• If your AUM exceeds $110 million, you must register with the SEC.
  • If your AUM is less than $100 million, you’d typically register with the state.
  • If your AUM is between $100 and $110 million, you can choose SEC or state registration.

If you’re eligible for SEC registration, you’ll need to complete Form ADV and file it through IARD, the Investment Advisor Registration Depository. SEC registration requires a fee, which is also determined by your AUM. The fee is:

  • $40 for firms with less than $25 million in AUM
  • $150 for firms with AUM between $25 million and $100 million
  • $225 for firms with AUM exceeding $100 million

State fees vary. In North Carolina for instance, investment advisor representatives are required to pay a registration fee of $75 for each advisor in the firm. In New York, the filing fee is $200.

Checking with your state’s regulatory authority can give you an idea of which fees you’ll need to pay to register and the amount.

Errors and Omissions Insurance/Surety Bond ($200 – $5,000)

If your state requires you to carry errors and omissions insurance and/or have a surety bond, you’ll need to factor those into your RIA startup costs budget.

Errors and omissions insurance is designed to protect your firm from liability claims centering on negligence or inadequately performed services. A surety bond is intended to ensure that you perform services as an investment advisor following the law.

Marketing and Advertising ($0 – $5,000)

The amount you’ll spend to promote your new RIA can depend on how you plan to market it.

If you’re bringing a book of business with you, then you might focus on generating referrals through your existing client base first before launching an official marketing campaign. On the other hand, if you’re starting an RIA with zero AUM, then you may need to go all in with your marketing budget to gain traction.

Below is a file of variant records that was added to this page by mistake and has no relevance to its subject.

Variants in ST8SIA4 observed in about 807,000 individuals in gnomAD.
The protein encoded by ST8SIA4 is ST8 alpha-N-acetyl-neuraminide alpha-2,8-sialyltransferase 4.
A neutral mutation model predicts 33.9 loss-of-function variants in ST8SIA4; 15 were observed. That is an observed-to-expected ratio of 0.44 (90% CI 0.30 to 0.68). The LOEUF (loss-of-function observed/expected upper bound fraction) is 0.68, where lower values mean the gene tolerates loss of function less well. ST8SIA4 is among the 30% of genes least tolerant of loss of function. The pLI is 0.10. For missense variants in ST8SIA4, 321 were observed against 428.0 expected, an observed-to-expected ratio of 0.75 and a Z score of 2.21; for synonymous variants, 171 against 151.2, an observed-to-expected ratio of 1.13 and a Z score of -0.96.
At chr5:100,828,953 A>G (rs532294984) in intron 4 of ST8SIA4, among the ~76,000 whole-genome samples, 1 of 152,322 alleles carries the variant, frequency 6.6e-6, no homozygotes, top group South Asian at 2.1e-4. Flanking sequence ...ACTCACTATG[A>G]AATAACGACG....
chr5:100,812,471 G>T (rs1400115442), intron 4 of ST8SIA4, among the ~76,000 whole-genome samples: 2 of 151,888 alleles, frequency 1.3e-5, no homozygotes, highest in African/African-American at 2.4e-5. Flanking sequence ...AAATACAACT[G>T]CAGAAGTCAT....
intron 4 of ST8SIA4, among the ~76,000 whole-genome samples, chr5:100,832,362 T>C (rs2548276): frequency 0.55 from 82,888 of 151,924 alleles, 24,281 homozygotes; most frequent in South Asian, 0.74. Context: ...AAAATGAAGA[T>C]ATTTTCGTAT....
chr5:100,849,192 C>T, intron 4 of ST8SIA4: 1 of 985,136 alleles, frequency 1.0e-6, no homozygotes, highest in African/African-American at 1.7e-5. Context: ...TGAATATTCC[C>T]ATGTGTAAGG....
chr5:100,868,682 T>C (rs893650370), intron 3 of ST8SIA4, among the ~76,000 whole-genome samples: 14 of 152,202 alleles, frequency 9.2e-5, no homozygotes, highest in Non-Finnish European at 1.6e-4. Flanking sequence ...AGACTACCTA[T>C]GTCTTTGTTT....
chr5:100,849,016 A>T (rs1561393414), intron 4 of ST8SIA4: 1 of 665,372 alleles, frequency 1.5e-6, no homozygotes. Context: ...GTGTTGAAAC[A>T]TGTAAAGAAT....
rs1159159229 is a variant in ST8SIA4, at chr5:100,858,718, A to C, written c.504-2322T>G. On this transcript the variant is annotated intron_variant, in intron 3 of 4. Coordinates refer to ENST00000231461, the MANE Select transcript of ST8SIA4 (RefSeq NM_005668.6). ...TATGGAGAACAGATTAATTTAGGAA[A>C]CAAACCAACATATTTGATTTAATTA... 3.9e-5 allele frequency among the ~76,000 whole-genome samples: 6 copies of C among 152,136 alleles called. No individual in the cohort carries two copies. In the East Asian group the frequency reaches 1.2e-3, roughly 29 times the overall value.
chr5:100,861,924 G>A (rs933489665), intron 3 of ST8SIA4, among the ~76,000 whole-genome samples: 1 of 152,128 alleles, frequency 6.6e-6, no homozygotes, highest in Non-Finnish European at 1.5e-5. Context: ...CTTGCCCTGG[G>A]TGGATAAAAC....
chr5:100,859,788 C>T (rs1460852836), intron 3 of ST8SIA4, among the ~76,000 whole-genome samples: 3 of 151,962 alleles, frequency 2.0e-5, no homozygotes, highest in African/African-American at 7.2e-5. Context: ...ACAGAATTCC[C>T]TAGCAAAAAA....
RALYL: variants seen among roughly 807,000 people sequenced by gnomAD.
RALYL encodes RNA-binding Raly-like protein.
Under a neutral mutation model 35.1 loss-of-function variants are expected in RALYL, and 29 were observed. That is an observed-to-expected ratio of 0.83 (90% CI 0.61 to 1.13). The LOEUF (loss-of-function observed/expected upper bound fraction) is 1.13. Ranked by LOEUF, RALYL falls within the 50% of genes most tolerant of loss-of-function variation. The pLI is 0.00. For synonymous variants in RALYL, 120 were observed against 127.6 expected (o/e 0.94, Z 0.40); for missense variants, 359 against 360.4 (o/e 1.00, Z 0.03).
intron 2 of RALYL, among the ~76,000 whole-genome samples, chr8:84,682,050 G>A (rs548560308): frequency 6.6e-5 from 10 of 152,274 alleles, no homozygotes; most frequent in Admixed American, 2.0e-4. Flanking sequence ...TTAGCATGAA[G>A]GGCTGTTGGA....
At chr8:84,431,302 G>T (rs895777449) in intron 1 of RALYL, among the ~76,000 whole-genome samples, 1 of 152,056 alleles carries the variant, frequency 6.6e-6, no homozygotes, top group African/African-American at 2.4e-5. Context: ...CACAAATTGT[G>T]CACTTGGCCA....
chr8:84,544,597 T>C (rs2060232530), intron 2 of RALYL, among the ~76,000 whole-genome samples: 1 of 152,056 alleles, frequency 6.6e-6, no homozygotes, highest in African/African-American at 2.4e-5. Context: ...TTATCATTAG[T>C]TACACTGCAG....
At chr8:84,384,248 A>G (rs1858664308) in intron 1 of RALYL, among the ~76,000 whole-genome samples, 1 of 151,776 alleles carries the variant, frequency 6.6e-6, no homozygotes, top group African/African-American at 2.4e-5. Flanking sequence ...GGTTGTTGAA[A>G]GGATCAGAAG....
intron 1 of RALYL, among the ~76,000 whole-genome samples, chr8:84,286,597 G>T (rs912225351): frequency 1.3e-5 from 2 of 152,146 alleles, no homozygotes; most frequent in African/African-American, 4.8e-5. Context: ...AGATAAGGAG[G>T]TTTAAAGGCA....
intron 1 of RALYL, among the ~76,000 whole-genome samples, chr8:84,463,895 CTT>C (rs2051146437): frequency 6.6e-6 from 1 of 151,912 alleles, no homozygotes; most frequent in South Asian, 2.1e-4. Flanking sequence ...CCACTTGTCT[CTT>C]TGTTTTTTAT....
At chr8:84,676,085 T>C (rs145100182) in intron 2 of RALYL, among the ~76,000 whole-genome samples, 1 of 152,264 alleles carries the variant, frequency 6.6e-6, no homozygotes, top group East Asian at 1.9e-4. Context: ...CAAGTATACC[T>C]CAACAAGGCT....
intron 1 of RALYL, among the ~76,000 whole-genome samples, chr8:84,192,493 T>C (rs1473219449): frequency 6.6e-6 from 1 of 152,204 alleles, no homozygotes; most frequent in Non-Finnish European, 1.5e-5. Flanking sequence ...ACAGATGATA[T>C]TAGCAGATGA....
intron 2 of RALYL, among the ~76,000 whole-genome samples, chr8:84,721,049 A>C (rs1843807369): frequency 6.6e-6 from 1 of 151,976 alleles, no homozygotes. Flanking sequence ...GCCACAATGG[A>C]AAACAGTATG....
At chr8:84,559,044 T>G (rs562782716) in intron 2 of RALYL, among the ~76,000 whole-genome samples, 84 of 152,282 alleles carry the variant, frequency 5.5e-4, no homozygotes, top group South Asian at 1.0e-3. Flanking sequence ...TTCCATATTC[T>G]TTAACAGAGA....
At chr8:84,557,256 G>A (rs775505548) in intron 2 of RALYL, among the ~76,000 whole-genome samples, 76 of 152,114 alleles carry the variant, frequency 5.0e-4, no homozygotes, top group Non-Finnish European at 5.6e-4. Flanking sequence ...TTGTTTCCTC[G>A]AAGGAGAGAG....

Your marketing budget may include expenses for:

  • Professional website hosting, design and setup
  • Search engine optimization (SEO) services
  • Logo and branding design
  • Business cards
  • Social media management services, if you don’t plan to do this yourself
  • Digital ads
  • Print advertisements or billboards
  • Direct mail marketing costs

If marketing feels overwhelming or you’d prefer to spend time serving your clients, you might outsource to a third-party platform. SmartAsset AMP, for instance, can match you with leads and provide you with automation tools to help you nurture new client relationships.

Technology ($0 – $10,000)

You'll want to factor technology solutions into your RIA startup costs.

Tech tools can make it easier to start and grow an RIA. If you’re working with a limited startup budget, it’s important to consider which ones make the most sense to add to your tech stack.

At a minimum, you’ll need:

  • A good customer relationship management (CRM) software
  • Accounting software
  • Financial planning and portfolio management software

You may invest in an email marketing service if you plan to begin building a newsletter from day one. Cloud storage tools can help you organize and manage files, while collaboration tools can make it easier to communicate with members of your team.

Compliance software is another smart investment. You’ll need to name a chief compliance officer (CCO) for your firm, and having compliance software can make their job easier.